Peer-Reviewed Journal Details
Mandatory Fields
Kuang S.;Oliveira J.;Crean A.
2010
November
Critical Reviews In Food Science and Nutrition
Microencapsulation as a tool for incorporating bioactive ingredients into food
Validated
Scopus: 68 ()
Optional Fields
Extrusion-Spheronization Fluidized-Bed Coating Matrix System Microencapsulation Reservoir System
50
10
951
968
Microencapsulation has been developed by the pharmaceutical industry as a means to control or modify the release of drug substances from drug delivery systems. In drug delivery systems microencapsulation is used to improve the bioavailability of drugs, control drug release kinetics, minimize drug side effects, and mask the bitter taste of drug substances. The application of microencapsulation has been extended to the food industry, typically for controlling the release of flavorings and the production of foods containing functional ingredients (e.g. probiotics and bioactive ingredients). Compared to the pharmaceutical industry, the food industry has lower profit margins and therefore the criteria in selecting a suitable microencapsulation technology are more stringent. The type of microcapsule (reservoir and matrix systems) produced and its resultant release properties are dependent on the microencapsulation technology, in addition to the physicochemical properties of the core and the shell materials. This review discusses the factors that affect the release of bioactive ingredients from microcapsules produced by different microencapsulation technologies. The key criteria in selecting a suitable microencapsulation technology are also discussed. Two of the most common physical microencapsulation technologies used in pharmaceutical processing, fluidized-bed coating, and extrusion-spheronization are explained to highlight how they might be adapted to the microencapsulation of functional bioactive ingredients in the food industry. Taylor and Francis Group, LLC.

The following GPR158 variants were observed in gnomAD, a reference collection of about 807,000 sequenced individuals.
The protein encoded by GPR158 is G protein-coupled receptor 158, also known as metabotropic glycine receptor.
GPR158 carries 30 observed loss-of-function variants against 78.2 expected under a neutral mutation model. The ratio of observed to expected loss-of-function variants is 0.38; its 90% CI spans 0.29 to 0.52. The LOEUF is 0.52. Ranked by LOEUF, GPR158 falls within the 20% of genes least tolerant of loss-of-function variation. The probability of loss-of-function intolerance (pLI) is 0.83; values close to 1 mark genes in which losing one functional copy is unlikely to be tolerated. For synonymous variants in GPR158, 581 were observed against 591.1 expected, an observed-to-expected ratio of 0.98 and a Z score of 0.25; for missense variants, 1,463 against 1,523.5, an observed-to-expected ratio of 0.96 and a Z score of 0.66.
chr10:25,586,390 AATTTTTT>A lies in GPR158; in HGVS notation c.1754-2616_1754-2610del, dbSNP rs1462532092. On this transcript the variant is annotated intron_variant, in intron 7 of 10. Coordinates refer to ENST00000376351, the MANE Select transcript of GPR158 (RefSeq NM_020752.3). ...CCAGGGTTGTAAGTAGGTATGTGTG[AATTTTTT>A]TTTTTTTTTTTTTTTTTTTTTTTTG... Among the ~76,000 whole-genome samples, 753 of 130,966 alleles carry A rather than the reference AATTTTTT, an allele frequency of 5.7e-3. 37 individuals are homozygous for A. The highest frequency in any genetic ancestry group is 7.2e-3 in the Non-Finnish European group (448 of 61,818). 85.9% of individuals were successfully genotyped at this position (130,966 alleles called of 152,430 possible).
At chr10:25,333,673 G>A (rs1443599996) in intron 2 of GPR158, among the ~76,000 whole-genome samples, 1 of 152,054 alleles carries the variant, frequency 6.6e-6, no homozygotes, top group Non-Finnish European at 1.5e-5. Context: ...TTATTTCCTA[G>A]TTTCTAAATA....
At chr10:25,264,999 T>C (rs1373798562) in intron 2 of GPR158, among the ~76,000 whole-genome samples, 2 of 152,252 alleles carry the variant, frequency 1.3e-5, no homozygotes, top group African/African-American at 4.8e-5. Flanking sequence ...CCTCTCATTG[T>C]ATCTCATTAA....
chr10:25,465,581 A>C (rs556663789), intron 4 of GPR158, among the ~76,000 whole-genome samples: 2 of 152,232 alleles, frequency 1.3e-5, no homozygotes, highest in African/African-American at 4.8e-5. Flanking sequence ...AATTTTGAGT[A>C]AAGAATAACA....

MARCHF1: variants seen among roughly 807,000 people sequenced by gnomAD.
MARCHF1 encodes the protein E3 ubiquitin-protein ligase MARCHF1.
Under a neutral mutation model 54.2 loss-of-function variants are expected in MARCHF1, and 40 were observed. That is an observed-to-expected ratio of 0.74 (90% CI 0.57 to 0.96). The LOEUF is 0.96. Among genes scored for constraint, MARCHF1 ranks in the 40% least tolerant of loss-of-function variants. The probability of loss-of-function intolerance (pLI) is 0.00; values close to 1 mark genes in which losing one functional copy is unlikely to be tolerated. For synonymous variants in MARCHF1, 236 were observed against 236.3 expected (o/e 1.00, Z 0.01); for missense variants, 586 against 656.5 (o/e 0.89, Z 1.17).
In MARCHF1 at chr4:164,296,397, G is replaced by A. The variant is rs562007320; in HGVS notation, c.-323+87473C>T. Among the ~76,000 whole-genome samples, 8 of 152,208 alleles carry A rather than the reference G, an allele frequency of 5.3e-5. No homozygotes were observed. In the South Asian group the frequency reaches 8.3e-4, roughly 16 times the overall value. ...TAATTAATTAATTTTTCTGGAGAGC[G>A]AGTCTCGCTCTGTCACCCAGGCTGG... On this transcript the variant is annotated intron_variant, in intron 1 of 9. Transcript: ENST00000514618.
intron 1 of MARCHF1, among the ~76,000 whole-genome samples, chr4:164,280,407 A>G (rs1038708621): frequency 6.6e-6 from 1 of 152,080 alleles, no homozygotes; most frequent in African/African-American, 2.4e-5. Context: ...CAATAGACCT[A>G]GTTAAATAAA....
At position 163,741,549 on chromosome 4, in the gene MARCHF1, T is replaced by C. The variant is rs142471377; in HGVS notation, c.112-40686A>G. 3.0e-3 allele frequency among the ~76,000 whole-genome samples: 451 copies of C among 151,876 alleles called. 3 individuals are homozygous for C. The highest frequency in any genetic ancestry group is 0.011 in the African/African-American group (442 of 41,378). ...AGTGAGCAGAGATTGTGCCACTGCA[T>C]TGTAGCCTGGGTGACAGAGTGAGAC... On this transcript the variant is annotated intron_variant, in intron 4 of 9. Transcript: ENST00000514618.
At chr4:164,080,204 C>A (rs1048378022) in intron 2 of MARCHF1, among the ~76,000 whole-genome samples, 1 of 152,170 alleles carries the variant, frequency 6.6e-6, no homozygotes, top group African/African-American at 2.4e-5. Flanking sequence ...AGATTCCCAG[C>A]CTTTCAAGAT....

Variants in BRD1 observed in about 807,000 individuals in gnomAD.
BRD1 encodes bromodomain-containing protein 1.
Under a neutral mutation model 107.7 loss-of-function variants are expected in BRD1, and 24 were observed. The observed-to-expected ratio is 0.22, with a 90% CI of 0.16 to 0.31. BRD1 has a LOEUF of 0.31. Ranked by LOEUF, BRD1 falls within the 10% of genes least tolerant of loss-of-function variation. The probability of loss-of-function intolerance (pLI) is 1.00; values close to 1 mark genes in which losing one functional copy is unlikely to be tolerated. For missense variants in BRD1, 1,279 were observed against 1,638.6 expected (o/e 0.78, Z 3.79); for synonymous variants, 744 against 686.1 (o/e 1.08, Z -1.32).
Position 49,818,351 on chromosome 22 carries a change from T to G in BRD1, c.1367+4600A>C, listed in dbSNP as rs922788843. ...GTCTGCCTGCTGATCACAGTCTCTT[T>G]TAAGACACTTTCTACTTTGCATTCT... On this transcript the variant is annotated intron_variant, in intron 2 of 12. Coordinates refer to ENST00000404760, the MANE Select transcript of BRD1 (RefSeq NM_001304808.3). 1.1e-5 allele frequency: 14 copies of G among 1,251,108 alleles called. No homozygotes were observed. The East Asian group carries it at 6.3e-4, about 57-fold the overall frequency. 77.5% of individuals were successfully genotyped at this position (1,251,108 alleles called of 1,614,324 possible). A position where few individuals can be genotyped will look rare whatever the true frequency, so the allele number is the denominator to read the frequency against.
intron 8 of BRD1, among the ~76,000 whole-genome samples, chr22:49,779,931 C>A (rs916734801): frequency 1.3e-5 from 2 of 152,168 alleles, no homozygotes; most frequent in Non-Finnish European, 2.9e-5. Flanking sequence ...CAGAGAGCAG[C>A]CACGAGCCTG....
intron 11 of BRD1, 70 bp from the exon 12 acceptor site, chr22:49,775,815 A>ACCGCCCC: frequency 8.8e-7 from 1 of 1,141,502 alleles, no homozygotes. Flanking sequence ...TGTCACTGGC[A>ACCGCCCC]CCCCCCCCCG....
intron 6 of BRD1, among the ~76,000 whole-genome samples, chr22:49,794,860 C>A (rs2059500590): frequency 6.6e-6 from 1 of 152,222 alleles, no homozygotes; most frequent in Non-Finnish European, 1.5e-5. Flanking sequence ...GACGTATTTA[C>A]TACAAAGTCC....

1040-8398
10.1080/10408390903044222
Grant Details